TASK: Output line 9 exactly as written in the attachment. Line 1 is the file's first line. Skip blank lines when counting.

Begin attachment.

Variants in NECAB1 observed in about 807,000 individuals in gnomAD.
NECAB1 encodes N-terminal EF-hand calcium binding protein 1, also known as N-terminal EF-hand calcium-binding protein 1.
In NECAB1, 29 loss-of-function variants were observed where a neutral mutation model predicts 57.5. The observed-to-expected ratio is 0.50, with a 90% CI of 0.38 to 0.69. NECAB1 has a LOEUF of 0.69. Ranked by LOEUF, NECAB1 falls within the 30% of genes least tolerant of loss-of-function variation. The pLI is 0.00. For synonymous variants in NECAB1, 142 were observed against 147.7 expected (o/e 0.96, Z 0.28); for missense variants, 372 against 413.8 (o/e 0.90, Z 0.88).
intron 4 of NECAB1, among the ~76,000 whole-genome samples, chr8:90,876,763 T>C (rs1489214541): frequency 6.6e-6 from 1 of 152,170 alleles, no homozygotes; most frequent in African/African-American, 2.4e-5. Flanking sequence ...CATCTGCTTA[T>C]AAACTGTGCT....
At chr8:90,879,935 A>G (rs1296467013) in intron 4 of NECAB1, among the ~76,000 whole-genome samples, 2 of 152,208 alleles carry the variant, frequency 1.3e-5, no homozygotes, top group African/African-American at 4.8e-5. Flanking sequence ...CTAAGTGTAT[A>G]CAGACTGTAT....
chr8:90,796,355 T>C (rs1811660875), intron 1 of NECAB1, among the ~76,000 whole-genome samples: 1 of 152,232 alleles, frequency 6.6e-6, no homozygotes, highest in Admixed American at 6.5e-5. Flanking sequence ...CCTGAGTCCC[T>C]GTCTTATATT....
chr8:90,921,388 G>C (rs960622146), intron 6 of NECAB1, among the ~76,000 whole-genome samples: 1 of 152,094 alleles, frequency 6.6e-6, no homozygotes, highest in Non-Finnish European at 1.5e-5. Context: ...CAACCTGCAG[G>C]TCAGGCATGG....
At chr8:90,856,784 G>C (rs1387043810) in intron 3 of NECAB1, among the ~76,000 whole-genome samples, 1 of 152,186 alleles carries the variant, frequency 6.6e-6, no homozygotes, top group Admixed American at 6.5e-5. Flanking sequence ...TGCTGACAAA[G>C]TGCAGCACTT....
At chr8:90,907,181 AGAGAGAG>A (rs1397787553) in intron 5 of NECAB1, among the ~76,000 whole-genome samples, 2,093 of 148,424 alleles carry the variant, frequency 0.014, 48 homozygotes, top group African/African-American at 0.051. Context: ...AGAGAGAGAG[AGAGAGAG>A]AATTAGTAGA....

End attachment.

At chr8:90,907,181 AGAGAGAG>A (rs1397787553) in intron 5 of NECAB1, among the ~76,000 whole-genome samples, 2,093 of 148,424 alleles carry the variant, frequency 0.014, 48 homozygotes, top group African/African-American at 0.051. Context: ...AGAGAGAGAG[AGAGAGAG>A]AATTAGTAGA....